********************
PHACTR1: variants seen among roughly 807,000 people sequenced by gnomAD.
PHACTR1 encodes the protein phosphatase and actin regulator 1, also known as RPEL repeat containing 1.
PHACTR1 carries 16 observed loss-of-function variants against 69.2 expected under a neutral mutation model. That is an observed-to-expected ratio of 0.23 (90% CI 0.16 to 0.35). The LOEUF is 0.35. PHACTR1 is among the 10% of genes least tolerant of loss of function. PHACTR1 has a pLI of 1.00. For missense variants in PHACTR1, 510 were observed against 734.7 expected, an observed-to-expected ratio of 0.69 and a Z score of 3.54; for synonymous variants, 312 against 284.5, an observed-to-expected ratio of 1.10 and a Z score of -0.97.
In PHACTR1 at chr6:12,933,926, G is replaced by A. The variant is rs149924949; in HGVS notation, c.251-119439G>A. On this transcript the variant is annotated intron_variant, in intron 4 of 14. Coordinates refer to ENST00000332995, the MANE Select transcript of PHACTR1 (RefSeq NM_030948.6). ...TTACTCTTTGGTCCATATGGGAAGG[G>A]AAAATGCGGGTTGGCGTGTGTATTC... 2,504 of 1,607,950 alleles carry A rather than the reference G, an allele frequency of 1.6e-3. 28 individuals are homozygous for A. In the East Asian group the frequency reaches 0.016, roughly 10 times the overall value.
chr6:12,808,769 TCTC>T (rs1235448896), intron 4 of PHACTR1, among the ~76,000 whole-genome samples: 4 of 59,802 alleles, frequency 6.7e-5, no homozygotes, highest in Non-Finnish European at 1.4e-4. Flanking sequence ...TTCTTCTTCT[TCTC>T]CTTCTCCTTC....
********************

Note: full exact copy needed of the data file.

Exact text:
PHACTR1: variants seen among roughly 807,000 people sequenced by gnomAD.
PHACTR1 encodes the protein phosphatase and actin regulator 1, also known as RPEL repeat containing 1.
PHACTR1 carries 16 observed loss-of-function variants against 69.2 expected under a neutral mutation model. That is an observed-to-expected ratio of 0.23 (90% CI 0.16 to 0.35). The LOEUF is 0.35. PHACTR1 is among the 10% of genes least tolerant of loss of function. PHACTR1 has a pLI of 1.00. For missense variants in PHACTR1, 510 were observed against 734.7 expected, an observed-to-expected ratio of 0.69 and a Z score of 3.54; for synonymous variants, 312 against 284.5, an observed-to-expected ratio of 1.10 and a Z score of -0.97.
In PHACTR1 at chr6:12,933,926, G is replaced by A. The variant is rs149924949; in HGVS notation, c.251-119439G>A. On this transcript the variant is annotated intron_variant, in intron 4 of 14. Coordinates refer to ENST00000332995, the MANE Select transcript of PHACTR1 (RefSeq NM_030948.6). ...TTACTCTTTGGTCCATATGGGAAGG[G>A]AAAATGCGGGTTGGCGTGTGTATTC... 2,504 of 1,607,950 alleles carry A rather than the reference G, an allele frequency of 1.6e-3. 28 individuals are homozygous for A. In the East Asian group the frequency reaches 0.016, roughly 10 times the overall value.
chr6:12,808,769 TCTC>T (rs1235448896), intron 4 of PHACTR1, among the ~76,000 whole-genome samples: 4 of 59,802 alleles, frequency 6.7e-5, no homozygotes, highest in Non-Finnish European at 1.4e-4. Flanking sequence ...TTCTTCTTCT[TCTC>T]CTTCTCCTTC....